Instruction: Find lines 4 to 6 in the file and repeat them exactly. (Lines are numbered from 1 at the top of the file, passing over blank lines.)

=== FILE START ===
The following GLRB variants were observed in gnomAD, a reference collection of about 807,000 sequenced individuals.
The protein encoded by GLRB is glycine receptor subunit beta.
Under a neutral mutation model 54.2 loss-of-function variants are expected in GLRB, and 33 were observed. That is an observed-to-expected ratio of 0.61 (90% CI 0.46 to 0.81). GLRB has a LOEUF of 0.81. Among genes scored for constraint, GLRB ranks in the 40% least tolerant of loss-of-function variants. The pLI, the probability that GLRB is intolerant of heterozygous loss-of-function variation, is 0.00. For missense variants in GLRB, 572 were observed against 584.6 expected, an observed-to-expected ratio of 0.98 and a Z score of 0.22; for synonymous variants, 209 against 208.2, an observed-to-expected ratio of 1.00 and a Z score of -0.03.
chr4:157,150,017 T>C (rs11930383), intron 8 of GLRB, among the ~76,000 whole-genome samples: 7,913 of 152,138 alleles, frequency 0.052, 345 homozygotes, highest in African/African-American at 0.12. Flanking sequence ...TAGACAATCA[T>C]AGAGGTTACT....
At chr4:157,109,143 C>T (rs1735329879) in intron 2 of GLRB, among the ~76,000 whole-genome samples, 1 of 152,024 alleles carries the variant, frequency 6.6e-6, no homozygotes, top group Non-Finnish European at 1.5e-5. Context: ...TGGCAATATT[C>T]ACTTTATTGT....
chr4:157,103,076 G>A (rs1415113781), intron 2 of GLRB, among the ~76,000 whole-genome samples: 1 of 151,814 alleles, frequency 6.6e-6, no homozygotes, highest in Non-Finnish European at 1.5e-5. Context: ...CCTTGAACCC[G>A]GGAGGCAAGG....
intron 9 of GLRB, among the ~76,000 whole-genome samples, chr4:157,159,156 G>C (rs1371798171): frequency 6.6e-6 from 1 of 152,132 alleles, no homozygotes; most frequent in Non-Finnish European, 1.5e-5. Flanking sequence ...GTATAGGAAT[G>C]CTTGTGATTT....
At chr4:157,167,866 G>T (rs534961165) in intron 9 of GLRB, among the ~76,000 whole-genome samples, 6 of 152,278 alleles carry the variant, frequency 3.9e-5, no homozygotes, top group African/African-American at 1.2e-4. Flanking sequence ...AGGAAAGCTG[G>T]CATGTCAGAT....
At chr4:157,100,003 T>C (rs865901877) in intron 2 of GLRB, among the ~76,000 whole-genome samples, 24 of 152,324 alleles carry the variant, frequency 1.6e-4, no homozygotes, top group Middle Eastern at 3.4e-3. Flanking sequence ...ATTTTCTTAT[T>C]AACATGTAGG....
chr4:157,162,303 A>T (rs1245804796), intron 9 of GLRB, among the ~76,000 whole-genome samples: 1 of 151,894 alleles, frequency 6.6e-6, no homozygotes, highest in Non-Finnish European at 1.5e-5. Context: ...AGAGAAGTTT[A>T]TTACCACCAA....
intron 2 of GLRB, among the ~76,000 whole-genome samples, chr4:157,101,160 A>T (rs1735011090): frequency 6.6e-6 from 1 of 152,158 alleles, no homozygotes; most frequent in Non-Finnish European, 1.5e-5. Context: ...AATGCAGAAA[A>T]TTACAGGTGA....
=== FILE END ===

chr4:157,150,017 T>C (rs11930383), intron 8 of GLRB, among the ~76,000 whole-genome samples: 7,913 of 152,138 alleles, frequency 0.052, 345 homozygotes, highest in African/African-American at 0.12. Flanking sequence ...TAGACAATCA[T>C]AGAGGTTACT....
At chr4:157,109,143 C>T (rs1735329879) in intron 2 of GLRB, among the ~76,000 whole-genome samples, 1 of 152,024 alleles carries the variant, frequency 6.6e-6, no homozygotes, top group Non-Finnish European at 1.5e-5. Context: ...TGGCAATATT[C>T]ACTTTATTGT....
chr4:157,103,076 G>A (rs1415113781), intron 2 of GLRB, among the ~76,000 whole-genome samples: 1 of 151,814 alleles, frequency 6.6e-6, no homozygotes, highest in Non-Finnish European at 1.5e-5. Context: ...CCTTGAACCC[G>A]GGAGGCAAGG....